Despite ban, devotees immerse idols in Yamuna
The DPCC order had directed District Magistrates to enforce guidelines related to idol immersion, adding that each violator will be liable to pay Rs 50,000 to the Delhi pollution control body
Despite ban on idol immersion in river Yamuna along with other natural water bodies in the national capital, several Delhiites have flouted the Delhi Pollution Control Committee (DPCC) norms issued a day before the 'visarjan' (immersion) ritual.
On Saturday morning, Yamuna Ghat at the ITO was found littered with idols, other religious material and waste.
DPCC, the Delhi government's pollution control body, in its October 13 order said the idol immersion should not be allowed during the forthcoming Durga Puja and other festivals etc in any public place, including river Yamuna or any other water body, ponds, ghats etc.
"Consequent pollution of such water bodies has been a matter of concern. In addition to silting, toxic chemicals used in making idols tend to leach out and pose serious problems of water pollution. Studies carried out to assess deterioration in water quality due to idol immersion reveal the deterioration of water quality in respect to conductivity, biochemical oxygen demand and heavy metal concentration," the order had said, adding that instead, the idol immersion ritual may be performed within the home premises in a bucket and container etc.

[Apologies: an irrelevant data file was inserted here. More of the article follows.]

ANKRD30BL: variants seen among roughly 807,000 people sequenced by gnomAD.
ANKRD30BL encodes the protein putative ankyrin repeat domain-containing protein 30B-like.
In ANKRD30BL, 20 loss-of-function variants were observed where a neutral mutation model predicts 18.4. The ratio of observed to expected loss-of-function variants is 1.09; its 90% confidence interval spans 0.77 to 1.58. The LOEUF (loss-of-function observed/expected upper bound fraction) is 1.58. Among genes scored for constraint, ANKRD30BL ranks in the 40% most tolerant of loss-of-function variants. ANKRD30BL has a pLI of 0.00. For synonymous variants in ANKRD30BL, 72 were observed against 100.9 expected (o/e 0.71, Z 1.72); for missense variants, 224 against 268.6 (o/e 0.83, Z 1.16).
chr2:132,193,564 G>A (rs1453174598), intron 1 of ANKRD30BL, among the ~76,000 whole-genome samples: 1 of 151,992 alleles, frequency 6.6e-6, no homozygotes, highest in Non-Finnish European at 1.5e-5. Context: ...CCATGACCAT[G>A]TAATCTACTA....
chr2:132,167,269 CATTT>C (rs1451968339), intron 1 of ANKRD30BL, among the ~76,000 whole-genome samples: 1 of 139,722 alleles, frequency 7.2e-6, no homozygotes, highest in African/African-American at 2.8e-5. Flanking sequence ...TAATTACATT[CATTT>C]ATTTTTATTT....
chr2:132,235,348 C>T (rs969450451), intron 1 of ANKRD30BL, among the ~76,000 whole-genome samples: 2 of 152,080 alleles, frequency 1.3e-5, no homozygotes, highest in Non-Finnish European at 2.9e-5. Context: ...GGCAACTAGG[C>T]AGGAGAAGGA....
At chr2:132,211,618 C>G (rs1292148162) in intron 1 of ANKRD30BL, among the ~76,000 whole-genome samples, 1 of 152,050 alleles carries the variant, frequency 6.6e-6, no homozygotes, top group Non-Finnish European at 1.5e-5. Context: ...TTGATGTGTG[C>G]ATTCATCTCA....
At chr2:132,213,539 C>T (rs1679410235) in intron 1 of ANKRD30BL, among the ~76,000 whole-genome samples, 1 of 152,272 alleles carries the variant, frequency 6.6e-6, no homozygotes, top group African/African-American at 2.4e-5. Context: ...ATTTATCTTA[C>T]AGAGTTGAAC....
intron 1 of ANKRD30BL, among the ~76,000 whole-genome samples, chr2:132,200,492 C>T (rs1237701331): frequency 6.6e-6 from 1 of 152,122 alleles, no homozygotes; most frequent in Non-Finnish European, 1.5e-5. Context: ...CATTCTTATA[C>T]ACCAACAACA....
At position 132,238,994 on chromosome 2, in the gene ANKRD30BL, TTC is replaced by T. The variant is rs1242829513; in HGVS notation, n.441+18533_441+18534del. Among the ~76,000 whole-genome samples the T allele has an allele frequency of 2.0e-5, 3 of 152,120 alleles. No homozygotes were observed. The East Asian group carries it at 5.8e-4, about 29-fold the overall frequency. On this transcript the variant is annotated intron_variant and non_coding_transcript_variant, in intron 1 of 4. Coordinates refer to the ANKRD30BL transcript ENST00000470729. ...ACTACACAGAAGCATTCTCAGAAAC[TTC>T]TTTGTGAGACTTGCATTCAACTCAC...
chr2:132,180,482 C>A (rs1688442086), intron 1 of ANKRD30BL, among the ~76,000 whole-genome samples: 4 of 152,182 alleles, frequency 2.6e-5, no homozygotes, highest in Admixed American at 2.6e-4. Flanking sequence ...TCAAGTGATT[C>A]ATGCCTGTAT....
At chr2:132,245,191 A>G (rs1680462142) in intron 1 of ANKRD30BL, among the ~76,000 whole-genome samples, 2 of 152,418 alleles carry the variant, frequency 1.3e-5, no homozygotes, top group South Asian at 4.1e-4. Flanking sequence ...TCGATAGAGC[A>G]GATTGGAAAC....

Immersion has once again highlighted the plight of Yamuna, a river whose catchment covers parts of Uttar Pradesh, Uttarakhand, Himachal Pradesh, Haryana, Rajasthan and Madhya Pradesh in addition to that of Delhi, is most polluted in and around the national Capital.
The top pollution sources emanate from Sewage Treatment Plants (STPs), untreated water from unauthorised colonies as well as sewer from authorised colonies.
The DPCC order had directed District Magistrates to enforce guidelines related to idol immersion, adding that each violator will be liable to pay Rs 50,000 to the Delhi pollution control body.
A clean and pollution-free Yamuna has been the poll promise of the Delhi government for more than 25 years now. The first Yamuna Action Plan (YAP) for which a loan agreement was signed in 1992 aimed at improved water quality conservation in the river and hygienic environment in the river basin.
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